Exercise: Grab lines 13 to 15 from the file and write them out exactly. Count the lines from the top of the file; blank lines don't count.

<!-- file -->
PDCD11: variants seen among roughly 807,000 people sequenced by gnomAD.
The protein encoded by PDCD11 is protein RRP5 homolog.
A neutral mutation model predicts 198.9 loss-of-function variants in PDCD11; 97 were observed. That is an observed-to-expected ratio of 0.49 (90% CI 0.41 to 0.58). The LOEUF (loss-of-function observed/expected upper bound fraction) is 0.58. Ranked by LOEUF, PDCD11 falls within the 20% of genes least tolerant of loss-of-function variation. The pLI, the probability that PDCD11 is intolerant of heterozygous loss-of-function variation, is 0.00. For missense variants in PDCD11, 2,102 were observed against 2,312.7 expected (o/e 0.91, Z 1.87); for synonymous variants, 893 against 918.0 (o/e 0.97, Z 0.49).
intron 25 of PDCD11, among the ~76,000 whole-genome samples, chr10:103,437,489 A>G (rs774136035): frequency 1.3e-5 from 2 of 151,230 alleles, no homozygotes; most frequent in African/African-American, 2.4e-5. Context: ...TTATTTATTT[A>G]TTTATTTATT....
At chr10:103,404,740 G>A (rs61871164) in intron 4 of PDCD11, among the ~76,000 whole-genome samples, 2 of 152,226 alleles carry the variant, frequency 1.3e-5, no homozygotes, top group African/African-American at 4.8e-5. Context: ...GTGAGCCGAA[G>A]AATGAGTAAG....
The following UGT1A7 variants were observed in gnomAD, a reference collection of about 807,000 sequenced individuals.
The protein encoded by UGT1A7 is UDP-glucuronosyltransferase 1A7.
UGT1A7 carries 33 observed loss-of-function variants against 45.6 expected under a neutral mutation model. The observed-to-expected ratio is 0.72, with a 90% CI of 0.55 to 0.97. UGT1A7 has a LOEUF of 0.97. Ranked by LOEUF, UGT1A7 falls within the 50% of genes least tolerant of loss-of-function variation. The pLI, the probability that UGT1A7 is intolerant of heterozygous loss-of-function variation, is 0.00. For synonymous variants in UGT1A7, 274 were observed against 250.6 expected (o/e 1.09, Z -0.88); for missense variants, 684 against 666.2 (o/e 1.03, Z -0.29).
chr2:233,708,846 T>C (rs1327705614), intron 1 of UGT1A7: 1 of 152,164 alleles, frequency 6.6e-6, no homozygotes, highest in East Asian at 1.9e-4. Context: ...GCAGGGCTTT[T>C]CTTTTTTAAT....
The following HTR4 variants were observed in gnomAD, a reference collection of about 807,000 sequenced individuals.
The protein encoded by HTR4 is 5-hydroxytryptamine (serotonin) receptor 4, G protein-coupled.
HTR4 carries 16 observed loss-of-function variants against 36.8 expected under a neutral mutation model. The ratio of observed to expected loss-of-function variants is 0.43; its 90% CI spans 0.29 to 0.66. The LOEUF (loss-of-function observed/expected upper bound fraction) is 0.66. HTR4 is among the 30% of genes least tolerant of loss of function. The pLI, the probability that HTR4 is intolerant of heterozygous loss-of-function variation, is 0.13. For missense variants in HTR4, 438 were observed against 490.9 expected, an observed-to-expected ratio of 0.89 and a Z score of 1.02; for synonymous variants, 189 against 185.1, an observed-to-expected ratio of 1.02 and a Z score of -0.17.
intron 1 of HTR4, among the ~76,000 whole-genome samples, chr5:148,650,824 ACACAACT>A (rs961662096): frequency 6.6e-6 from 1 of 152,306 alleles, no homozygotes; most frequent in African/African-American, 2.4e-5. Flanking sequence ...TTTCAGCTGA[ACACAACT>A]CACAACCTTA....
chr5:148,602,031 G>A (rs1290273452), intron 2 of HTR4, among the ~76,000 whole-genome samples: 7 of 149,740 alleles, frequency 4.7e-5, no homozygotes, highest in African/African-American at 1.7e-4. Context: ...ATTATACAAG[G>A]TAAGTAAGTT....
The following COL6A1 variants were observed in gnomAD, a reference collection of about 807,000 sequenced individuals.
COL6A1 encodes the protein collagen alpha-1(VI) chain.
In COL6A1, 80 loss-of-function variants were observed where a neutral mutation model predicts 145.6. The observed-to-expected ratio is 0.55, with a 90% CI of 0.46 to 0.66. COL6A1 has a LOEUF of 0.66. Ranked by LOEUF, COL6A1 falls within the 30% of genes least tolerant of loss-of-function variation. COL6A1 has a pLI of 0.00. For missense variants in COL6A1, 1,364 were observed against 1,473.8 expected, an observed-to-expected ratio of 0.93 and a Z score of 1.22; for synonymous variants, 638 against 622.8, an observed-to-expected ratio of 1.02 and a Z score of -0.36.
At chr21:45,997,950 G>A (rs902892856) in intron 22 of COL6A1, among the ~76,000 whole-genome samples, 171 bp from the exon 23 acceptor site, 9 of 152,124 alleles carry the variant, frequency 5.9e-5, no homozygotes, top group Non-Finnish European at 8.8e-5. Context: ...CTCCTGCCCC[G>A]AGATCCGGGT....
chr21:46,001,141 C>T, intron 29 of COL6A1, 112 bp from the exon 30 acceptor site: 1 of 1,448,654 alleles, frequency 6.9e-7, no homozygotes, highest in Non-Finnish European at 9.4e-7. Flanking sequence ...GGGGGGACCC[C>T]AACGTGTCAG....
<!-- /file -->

intron 1 of HTR4, among the ~76,000 whole-genome samples, chr5:148,650,824 ACACAACT>A (rs961662096): frequency 6.6e-6 from 1 of 152,306 alleles, no homozygotes; most frequent in African/African-American, 2.4e-5. Flanking sequence ...TTTCAGCTGA[ACACAACT>A]CACAACCTTA....
chr5:148,602,031 G>A (rs1290273452), intron 2 of HTR4, among the ~76,000 whole-genome samples: 7 of 149,740 alleles, frequency 4.7e-5, no homozygotes, highest in African/African-American at 1.7e-4. Context: ...ATTATACAAG[G>A]TAAGTAAGTT....
The following COL6A1 variants were observed in gnomAD, a reference collection of about 807,000 sequenced individuals.